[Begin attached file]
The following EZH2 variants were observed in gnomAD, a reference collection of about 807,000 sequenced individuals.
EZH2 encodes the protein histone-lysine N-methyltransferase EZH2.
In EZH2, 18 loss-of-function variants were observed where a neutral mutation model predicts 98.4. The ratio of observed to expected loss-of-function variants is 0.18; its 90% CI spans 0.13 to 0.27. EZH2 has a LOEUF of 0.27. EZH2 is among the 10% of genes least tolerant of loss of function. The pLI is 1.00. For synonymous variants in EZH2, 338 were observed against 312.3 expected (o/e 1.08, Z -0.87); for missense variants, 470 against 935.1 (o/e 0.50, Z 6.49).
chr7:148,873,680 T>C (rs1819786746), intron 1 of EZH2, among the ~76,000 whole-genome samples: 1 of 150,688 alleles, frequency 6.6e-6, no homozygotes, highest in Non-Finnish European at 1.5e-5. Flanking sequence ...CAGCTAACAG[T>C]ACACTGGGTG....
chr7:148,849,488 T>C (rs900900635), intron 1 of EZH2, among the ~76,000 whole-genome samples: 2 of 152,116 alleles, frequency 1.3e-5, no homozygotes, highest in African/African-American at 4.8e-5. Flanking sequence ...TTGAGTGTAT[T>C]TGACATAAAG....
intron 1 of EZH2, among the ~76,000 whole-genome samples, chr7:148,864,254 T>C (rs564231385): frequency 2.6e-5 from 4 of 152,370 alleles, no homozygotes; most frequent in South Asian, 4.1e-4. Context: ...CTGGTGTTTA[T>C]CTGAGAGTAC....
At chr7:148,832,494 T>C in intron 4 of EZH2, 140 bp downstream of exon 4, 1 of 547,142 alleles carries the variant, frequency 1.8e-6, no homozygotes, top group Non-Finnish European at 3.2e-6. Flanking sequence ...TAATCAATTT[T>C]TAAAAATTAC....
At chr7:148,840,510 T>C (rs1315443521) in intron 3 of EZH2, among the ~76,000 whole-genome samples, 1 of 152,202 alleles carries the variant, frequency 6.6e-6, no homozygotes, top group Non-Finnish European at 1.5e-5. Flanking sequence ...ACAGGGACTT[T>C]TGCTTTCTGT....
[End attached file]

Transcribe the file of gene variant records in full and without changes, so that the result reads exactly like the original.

The following EZH2 variants were observed in gnomAD, a reference collection of about 807,000 sequenced individuals.
EZH2 encodes the protein histone-lysine N-methyltransferase EZH2.
In EZH2, 18 loss-of-function variants were observed where a neutral mutation model predicts 98.4. The ratio of observed to expected loss-of-function variants is 0.18; its 90% CI spans 0.13 to 0.27. EZH2 has a LOEUF of 0.27. EZH2 is among the 10% of genes least tolerant of loss of function. The pLI is 1.00. For synonymous variants in EZH2, 338 were observed against 312.3 expected (o/e 1.08, Z -0.87); for missense variants, 470 against 935.1 (o/e 0.50, Z 6.49).
chr7:148,873,680 T>C (rs1819786746), intron 1 of EZH2, among the ~76,000 whole-genome samples: 1 of 150,688 alleles, frequency 6.6e-6, no homozygotes, highest in Non-Finnish European at 1.5e-5. Flanking sequence ...CAGCTAACAG[T>C]ACACTGGGTG....
chr7:148,849,488 T>C (rs900900635), intron 1 of EZH2, among the ~76,000 whole-genome samples: 2 of 152,116 alleles, frequency 1.3e-5, no homozygotes, highest in African/African-American at 4.8e-5. Flanking sequence ...TTGAGTGTAT[T>C]TGACATAAAG....
intron 1 of EZH2, among the ~76,000 whole-genome samples, chr7:148,864,254 T>C (rs564231385): frequency 2.6e-5 from 4 of 152,370 alleles, no homozygotes; most frequent in South Asian, 4.1e-4. Context: ...CTGGTGTTTA[T>C]CTGAGAGTAC....
At chr7:148,832,494 T>C in intron 4 of EZH2, 140 bp downstream of exon 4, 1 of 547,142 alleles carries the variant, frequency 1.8e-6, no homozygotes, top group Non-Finnish European at 3.2e-6. Flanking sequence ...TAATCAATTT[T>C]TAAAAATTAC....
At chr7:148,840,510 T>C (rs1315443521) in intron 3 of EZH2, among the ~76,000 whole-genome samples, 1 of 152,202 alleles carries the variant, frequency 6.6e-6, no homozygotes, top group Non-Finnish European at 1.5e-5. Flanking sequence ...ACAGGGACTT[T>C]TGCTTTCTGT....